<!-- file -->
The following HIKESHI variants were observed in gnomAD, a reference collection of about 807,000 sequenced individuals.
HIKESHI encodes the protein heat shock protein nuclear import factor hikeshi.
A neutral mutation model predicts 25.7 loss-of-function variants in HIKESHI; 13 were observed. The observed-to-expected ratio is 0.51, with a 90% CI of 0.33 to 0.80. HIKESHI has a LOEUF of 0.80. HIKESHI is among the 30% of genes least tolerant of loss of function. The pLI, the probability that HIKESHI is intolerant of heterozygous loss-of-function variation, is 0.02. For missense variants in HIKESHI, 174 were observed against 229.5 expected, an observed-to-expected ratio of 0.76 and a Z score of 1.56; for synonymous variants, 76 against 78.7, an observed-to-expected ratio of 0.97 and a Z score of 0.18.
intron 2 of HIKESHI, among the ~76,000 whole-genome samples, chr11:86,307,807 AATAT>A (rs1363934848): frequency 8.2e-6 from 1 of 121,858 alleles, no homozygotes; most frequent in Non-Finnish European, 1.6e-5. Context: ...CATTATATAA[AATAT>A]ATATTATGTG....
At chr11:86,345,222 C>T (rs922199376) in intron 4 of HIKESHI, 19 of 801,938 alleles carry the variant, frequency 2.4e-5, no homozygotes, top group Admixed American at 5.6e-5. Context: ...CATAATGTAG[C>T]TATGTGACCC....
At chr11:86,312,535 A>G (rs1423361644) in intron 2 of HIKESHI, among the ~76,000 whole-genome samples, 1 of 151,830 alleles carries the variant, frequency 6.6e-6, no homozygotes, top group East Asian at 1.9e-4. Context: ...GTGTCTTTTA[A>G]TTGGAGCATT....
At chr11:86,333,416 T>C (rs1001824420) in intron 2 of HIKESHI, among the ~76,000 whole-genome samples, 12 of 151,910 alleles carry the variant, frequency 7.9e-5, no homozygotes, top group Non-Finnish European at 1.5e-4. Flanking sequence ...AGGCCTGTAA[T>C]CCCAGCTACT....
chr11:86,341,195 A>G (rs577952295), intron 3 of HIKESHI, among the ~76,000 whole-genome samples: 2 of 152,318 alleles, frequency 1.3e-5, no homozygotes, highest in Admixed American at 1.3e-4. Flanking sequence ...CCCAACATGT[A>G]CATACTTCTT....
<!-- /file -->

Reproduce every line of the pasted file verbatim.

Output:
The following HIKESHI variants were observed in gnomAD, a reference collection of about 807,000 sequenced individuals.
HIKESHI encodes the protein heat shock protein nuclear import factor hikeshi.
A neutral mutation model predicts 25.7 loss-of-function variants in HIKESHI; 13 were observed. The observed-to-expected ratio is 0.51, with a 90% CI of 0.33 to 0.80. HIKESHI has a LOEUF of 0.80. HIKESHI is among the 30% of genes least tolerant of loss of function. The pLI, the probability that HIKESHI is intolerant of heterozygous loss-of-function variation, is 0.02. For missense variants in HIKESHI, 174 were observed against 229.5 expected, an observed-to-expected ratio of 0.76 and a Z score of 1.56; for synonymous variants, 76 against 78.7, an observed-to-expected ratio of 0.97 and a Z score of 0.18.
intron 2 of HIKESHI, among the ~76,000 whole-genome samples, chr11:86,307,807 AATAT>A (rs1363934848): frequency 8.2e-6 from 1 of 121,858 alleles, no homozygotes; most frequent in Non-Finnish European, 1.6e-5. Context: ...CATTATATAA[AATAT>A]ATATTATGTG....
At chr11:86,345,222 C>T (rs922199376) in intron 4 of HIKESHI, 19 of 801,938 alleles carry the variant, frequency 2.4e-5, no homozygotes, top group Admixed American at 5.6e-5. Context: ...CATAATGTAG[C>T]TATGTGACCC....
At chr11:86,312,535 A>G (rs1423361644) in intron 2 of HIKESHI, among the ~76,000 whole-genome samples, 1 of 151,830 alleles carries the variant, frequency 6.6e-6, no homozygotes, top group East Asian at 1.9e-4. Context: ...GTGTCTTTTA[A>G]TTGGAGCATT....
At chr11:86,333,416 T>C (rs1001824420) in intron 2 of HIKESHI, among the ~76,000 whole-genome samples, 12 of 151,910 alleles carry the variant, frequency 7.9e-5, no homozygotes, top group Non-Finnish European at 1.5e-4. Flanking sequence ...AGGCCTGTAA[T>C]CCCAGCTACT....
chr11:86,341,195 A>G (rs577952295), intron 3 of HIKESHI, among the ~76,000 whole-genome samples: 2 of 152,318 alleles, frequency 1.3e-5, no homozygotes, highest in Admixed American at 1.3e-4. Flanking sequence ...CCCAACATGT[A>G]CATACTTCTT....